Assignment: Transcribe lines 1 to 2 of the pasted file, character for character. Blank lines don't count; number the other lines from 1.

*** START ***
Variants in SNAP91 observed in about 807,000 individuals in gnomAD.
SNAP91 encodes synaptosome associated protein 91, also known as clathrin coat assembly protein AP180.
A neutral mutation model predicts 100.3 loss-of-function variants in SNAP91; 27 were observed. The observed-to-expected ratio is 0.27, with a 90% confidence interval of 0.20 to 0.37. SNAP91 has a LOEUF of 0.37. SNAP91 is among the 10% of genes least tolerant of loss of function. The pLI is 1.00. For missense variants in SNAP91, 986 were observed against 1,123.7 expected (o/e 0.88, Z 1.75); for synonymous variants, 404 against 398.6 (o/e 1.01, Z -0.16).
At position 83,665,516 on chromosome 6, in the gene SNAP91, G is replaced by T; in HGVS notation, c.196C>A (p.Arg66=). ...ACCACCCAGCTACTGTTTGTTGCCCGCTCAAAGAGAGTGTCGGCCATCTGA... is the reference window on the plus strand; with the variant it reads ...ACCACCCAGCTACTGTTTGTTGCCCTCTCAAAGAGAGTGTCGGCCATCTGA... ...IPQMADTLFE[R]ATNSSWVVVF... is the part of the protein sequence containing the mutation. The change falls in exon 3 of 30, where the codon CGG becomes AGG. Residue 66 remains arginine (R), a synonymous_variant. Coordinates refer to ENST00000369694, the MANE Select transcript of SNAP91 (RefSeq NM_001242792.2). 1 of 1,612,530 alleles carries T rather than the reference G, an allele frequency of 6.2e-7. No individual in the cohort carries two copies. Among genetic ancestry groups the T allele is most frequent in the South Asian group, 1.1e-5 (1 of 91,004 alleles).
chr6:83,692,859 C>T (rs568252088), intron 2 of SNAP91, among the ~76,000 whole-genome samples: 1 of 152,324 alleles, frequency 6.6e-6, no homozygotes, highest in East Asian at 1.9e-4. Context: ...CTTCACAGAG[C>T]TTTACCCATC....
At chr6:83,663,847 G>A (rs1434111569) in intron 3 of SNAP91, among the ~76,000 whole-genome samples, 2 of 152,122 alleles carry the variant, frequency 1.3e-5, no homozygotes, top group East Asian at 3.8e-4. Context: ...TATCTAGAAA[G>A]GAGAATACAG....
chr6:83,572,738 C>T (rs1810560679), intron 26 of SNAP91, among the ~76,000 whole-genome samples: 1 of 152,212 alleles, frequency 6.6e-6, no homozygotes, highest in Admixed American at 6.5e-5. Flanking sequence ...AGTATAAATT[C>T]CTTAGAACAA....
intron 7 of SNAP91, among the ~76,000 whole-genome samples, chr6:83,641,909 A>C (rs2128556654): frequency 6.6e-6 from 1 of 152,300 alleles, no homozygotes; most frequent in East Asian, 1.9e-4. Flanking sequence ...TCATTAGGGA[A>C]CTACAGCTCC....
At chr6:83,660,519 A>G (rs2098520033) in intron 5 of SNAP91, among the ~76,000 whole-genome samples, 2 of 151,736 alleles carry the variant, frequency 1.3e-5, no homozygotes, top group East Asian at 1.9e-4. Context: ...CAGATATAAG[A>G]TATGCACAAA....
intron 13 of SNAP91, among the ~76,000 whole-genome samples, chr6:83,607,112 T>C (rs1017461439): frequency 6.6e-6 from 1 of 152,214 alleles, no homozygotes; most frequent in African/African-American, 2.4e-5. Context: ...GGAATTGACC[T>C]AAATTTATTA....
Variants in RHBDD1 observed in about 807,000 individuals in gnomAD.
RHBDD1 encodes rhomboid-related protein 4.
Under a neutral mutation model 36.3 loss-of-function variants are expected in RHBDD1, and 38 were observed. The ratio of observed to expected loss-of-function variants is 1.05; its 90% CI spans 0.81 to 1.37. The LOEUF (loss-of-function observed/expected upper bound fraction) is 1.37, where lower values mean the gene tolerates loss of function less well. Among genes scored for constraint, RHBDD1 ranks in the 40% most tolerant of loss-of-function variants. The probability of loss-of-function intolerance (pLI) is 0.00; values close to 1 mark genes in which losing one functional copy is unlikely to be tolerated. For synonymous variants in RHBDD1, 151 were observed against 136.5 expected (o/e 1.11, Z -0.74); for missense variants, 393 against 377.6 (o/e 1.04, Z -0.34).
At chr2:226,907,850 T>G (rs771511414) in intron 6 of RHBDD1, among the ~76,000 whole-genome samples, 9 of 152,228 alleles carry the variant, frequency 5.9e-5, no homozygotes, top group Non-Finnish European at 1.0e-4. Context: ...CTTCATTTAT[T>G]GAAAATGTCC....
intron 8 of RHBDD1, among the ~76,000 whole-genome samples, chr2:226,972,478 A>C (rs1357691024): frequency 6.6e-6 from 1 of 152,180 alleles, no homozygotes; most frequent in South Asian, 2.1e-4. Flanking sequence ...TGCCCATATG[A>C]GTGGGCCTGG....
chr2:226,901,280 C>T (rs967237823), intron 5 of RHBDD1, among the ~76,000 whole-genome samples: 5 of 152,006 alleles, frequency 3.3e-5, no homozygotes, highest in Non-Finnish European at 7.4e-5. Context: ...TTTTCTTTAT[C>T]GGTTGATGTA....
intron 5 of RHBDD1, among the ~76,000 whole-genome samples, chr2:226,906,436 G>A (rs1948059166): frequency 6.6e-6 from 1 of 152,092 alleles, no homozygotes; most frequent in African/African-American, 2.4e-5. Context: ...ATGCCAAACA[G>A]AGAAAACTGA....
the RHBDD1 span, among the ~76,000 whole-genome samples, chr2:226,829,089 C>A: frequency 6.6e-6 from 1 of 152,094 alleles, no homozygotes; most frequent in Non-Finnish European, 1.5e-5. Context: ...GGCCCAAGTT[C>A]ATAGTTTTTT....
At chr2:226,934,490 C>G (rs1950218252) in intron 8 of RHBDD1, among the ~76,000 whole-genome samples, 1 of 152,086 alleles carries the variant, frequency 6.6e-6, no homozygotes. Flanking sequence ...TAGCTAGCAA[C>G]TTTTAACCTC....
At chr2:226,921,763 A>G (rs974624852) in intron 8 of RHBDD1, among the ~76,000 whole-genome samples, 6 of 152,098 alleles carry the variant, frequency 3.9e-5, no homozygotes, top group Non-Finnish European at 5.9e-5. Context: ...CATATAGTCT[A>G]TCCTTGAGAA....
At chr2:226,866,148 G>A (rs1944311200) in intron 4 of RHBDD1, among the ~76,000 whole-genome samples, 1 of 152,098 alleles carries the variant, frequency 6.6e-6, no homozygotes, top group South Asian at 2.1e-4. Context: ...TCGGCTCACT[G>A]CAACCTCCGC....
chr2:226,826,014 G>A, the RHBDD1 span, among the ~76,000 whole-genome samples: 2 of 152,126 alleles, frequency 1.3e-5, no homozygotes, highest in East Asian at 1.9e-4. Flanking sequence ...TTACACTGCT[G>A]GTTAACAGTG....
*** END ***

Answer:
Variants in SNAP91 observed in about 807,000 individuals in gnomAD.
SNAP91 encodes synaptosome associated protein 91, also known as clathrin coat assembly protein AP180.